Model Airplane News|
Model Airplane News Cover Art for December, 1931
by Jo Kotula
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The covers during the early 1930s are careful to point out that any aerial action took place during "wartime", something that was [then] thought to be long pase because we had fought and won the "War to End Wars" and that all the combatants were jolly good friends.
The subject of this issue is the destruction of a German observation balloon by a Sopwith Camel and a Nieuport Model 28. This is one of the very few occasions in which a lighter-than-air craft made an appearance on the cover of Model Airlane News. (If you are interested, scroll to the end for the others...). By the amount of area covered, the "Sausage Balloon" seems to be the principal subject. This is all well and good because the airplanes have been given their own covers, as shown below. We have provided some links just in case you are more interested in the airplanes than the balloon.
Treatment of the Airplanes
It's nice that you don't have to wait 20-30 years for these covers to be published...
Middle: Nieuport Model 28 armed with LePrieur Rockets for Balloon Busting(see below)
Left: Sopwith Camel Right: Nieuport Model 28
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Now about that balloon. From the point of view of the 21st century, this must look like an exercise in nonsense -- why would the Germans send up such a monstrosity and why would the allies want to attack it -- and since it was filled with hydrogen, what was so noteworthy about shooting it down?Observation balloons were commonly adopted by all sides and considered ideal in the static trench warfare conditions largely peculiar to the First World War. However they were deployed extensively along the Western Front in particular. Winched into the air, seldom alone, they were usually accompanied by one or two others for comparative observation purposes, particularly in setting up the coordinates for artillery fire. Observation readings were passed down via the use of flags or occasionally by radio, and balloon operators would generally remain in the air for hours at a spell.
This was regarded as a dangerous job, for although observation balloons were invariably heavily protected by anti-aircraft and machine gun fire and by wire meshes dangled between groups of balloons, they were often the irresistible stationary target of enemy aircraft. British servicemen were permitted to don parachutes to escape should the balloon come under successful enemy fire, although the chances of a safe escape once the balloon was ablaze was slim. German ballonists were not given parachutes.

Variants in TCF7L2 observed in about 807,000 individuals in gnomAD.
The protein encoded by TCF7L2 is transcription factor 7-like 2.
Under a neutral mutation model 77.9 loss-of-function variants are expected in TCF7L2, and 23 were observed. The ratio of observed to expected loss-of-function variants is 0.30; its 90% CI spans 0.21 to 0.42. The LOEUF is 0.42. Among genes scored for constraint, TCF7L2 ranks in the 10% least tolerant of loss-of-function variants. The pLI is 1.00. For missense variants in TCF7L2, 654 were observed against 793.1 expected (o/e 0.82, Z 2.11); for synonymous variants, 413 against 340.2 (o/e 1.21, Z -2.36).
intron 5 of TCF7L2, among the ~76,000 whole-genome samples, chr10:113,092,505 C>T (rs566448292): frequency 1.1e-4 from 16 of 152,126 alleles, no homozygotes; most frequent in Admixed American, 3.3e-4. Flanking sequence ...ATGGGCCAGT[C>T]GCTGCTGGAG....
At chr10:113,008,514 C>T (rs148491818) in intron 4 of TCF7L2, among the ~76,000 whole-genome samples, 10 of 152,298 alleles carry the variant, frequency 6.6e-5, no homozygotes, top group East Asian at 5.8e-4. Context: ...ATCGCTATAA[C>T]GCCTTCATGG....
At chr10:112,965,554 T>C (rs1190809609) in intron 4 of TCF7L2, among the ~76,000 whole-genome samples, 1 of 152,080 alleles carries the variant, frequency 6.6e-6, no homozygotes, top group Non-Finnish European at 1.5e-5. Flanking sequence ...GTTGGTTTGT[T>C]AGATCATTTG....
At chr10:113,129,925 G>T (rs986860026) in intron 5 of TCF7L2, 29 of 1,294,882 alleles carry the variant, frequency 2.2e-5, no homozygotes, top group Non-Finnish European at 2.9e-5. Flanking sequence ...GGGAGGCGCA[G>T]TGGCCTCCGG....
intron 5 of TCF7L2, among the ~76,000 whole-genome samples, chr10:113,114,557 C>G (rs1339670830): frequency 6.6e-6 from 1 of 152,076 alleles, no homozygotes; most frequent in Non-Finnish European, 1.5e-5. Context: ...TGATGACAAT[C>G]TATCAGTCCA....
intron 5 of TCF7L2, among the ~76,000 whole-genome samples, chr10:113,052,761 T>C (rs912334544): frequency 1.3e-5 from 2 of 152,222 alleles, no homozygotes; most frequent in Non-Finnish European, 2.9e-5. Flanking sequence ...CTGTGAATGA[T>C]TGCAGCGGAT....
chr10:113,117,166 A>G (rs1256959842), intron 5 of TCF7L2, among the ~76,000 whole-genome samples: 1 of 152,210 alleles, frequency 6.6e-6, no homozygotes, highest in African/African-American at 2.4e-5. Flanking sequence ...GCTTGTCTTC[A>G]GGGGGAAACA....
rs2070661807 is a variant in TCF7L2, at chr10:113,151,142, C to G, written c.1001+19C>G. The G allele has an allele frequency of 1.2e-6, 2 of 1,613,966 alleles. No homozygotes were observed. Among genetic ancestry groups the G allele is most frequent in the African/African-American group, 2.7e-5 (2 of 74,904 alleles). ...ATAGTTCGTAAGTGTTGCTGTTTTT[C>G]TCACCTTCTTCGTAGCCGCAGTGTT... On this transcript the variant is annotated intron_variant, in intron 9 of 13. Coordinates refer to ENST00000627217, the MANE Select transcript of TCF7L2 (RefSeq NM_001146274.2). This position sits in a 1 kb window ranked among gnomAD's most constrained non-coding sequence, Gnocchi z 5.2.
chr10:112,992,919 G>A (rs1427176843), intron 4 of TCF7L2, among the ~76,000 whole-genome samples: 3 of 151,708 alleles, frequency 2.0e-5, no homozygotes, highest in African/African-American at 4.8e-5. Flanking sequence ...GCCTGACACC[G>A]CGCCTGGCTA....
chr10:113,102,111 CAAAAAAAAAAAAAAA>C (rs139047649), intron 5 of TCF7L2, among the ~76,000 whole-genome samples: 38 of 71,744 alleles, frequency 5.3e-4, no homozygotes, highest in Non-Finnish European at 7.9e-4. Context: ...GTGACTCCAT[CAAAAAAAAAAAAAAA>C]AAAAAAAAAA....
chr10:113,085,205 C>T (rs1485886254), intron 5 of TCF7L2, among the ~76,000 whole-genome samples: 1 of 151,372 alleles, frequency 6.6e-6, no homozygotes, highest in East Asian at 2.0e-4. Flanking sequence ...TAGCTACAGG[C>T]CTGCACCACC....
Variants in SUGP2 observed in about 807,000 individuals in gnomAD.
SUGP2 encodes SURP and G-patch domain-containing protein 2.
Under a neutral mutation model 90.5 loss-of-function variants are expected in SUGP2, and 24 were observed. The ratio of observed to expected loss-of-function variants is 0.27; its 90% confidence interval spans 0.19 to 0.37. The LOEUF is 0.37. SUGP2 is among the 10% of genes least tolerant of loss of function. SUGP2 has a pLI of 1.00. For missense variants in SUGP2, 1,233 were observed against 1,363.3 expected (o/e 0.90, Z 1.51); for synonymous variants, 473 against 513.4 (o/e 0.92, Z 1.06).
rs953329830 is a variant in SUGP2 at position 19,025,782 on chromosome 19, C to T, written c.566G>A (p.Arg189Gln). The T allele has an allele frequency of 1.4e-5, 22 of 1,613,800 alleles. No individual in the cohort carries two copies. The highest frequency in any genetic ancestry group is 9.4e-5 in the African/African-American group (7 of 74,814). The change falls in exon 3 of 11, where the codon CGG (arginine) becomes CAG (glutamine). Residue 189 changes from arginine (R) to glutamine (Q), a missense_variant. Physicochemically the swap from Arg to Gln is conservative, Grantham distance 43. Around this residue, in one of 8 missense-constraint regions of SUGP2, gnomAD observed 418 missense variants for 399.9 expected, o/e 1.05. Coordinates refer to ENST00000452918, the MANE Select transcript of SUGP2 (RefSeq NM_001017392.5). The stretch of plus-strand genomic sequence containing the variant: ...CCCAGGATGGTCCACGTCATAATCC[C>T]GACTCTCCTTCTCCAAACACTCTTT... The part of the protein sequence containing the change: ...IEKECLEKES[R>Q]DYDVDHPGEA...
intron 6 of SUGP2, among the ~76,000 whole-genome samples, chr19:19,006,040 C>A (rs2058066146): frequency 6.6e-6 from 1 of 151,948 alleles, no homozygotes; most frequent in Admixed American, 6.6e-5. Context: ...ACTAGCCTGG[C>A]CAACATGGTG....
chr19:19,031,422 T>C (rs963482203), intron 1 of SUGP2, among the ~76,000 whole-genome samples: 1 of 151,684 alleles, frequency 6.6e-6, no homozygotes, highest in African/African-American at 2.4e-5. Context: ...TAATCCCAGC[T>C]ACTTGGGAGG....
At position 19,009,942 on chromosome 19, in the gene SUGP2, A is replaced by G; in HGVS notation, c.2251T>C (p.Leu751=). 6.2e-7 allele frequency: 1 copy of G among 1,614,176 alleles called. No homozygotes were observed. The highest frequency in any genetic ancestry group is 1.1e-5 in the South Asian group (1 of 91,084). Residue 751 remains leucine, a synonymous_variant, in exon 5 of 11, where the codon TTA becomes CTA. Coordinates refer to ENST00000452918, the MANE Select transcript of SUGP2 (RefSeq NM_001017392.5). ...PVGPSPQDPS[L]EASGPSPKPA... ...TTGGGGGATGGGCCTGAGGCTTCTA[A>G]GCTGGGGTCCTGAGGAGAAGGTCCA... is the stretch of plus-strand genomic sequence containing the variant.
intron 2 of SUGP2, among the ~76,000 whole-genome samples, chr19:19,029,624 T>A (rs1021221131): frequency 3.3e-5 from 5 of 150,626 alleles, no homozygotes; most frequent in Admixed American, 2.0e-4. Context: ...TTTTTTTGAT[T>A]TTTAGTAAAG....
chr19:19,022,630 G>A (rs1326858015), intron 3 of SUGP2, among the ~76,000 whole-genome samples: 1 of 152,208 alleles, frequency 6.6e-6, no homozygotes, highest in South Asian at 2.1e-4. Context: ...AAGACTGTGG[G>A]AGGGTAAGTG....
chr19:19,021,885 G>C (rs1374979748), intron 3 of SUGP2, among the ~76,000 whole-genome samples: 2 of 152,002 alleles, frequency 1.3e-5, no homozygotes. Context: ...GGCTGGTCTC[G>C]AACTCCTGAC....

Bringing down an observation balloon was regarded as a valid victory and were added to each pilot's list of 'kills' in the same manner as enemy aircraft. This was because downing balloons was considered something of a hazardous occupation, although some pilots developed a specialization as 'balloon busters' (such as the Belgian Willy Coppens, who brought down 35 balloons, the highest single total of the war). Here is a whole website devoted to "Balloon Aces."
Photos of the Balloon Busting
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Bringing down balloons was deceptively problematic. When under attack operators on the ground would hastily winch down the balloon. Many pilots were careful not to pursue balloons beneath 1,000 feet for fear of the devastating consequences of anti-aircraft fire. Although balloons were occasionally shot down by small-arms fire, generally it was surprisingly difficult to achieve due to the distances and altitude involved. Ordinary rifle and machine gun bullets would pass relatively harmlessly through the hydrogen gas bag. Although the wicker car was a small target, killing the observer would put the unit out of action for a time. The Germans seem to have had a lot more observers than balloons, so it was necessary to eliminate the baloon for best results. Many air attacks succeded by dropping incendiary devices on top of the balloon, as illustrated above.In early 1916, a Frenchman Lt. Yves Le Prieur had some success using "solid-fuel stick-guided rockets" (more like ordinary 4th of July skyrockets...) was first used in April 1916. Four rockets were attached to each outboard strut of a biplane aircraft and fired through steel tubes using an electrical trigger. Although this might be considered a brilliant vision of aviation's future, the LePrieur rockets were quite far from "guided" missiles. [The February, 1953 issue treats the LePrieur Rockets.] It was not until special 'Pomeroy' incendiary bullets and 'Buckingham' , a flat-nosed .45 calibre explosive bullet, became available on the Western Front in 1917 that any degree of consistent success was achieved.
Here is a video of the Balloon Busting in action:
Click Here for more information about Observation Balloons.
Click to go back and select another cover.
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